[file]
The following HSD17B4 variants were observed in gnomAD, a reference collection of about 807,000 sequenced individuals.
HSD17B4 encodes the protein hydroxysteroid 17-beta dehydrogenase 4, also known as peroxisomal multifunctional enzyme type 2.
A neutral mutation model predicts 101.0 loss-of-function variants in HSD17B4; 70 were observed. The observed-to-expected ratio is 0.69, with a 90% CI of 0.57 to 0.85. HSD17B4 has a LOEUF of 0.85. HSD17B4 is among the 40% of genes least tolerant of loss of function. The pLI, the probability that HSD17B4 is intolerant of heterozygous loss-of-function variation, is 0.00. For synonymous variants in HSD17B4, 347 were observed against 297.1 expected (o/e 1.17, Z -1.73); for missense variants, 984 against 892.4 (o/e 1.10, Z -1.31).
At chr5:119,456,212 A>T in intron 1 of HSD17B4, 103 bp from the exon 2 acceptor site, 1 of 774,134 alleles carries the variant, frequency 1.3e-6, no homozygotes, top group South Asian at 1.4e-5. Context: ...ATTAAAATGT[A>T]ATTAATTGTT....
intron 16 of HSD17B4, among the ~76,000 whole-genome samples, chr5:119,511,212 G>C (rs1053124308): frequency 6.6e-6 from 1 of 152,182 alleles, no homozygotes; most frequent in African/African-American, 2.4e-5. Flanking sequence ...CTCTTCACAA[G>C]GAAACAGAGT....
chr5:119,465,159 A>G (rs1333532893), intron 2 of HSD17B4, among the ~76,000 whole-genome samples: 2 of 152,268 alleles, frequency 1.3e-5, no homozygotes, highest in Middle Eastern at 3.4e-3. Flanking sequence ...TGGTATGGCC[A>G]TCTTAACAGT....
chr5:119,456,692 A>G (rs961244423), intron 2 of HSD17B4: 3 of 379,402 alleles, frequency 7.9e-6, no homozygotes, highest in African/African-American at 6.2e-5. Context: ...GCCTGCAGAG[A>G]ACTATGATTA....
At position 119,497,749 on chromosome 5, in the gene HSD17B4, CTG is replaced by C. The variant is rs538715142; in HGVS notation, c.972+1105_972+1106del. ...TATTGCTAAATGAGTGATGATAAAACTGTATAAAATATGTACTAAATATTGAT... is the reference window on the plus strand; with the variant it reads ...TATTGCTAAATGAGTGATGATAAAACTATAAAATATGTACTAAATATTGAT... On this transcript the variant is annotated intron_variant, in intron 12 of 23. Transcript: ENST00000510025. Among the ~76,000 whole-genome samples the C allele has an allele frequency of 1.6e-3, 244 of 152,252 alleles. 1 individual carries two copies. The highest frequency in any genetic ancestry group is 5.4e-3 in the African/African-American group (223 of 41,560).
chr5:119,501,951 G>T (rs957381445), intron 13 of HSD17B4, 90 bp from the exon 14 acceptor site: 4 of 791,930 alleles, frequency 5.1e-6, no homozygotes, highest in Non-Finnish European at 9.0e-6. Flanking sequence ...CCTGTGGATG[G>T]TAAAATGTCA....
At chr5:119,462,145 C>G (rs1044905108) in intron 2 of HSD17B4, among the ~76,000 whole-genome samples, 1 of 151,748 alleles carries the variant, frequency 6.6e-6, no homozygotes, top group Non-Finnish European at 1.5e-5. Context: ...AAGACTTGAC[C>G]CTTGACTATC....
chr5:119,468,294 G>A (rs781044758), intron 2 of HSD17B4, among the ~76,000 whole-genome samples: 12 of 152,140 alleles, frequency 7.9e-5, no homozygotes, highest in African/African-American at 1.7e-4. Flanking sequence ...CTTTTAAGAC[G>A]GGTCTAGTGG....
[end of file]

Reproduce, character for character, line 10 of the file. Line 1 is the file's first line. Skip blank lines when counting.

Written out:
At chr5:119,462,145 C>G (rs1044905108) in intron 2 of HSD17B4, among the ~76,000 whole-genome samples, 1 of 151,748 alleles carries the variant, frequency 6.6e-6, no homozygotes, top group Non-Finnish European at 1.5e-5. Context: ...AAGACTTGAC[C>G]CTTGACTATC....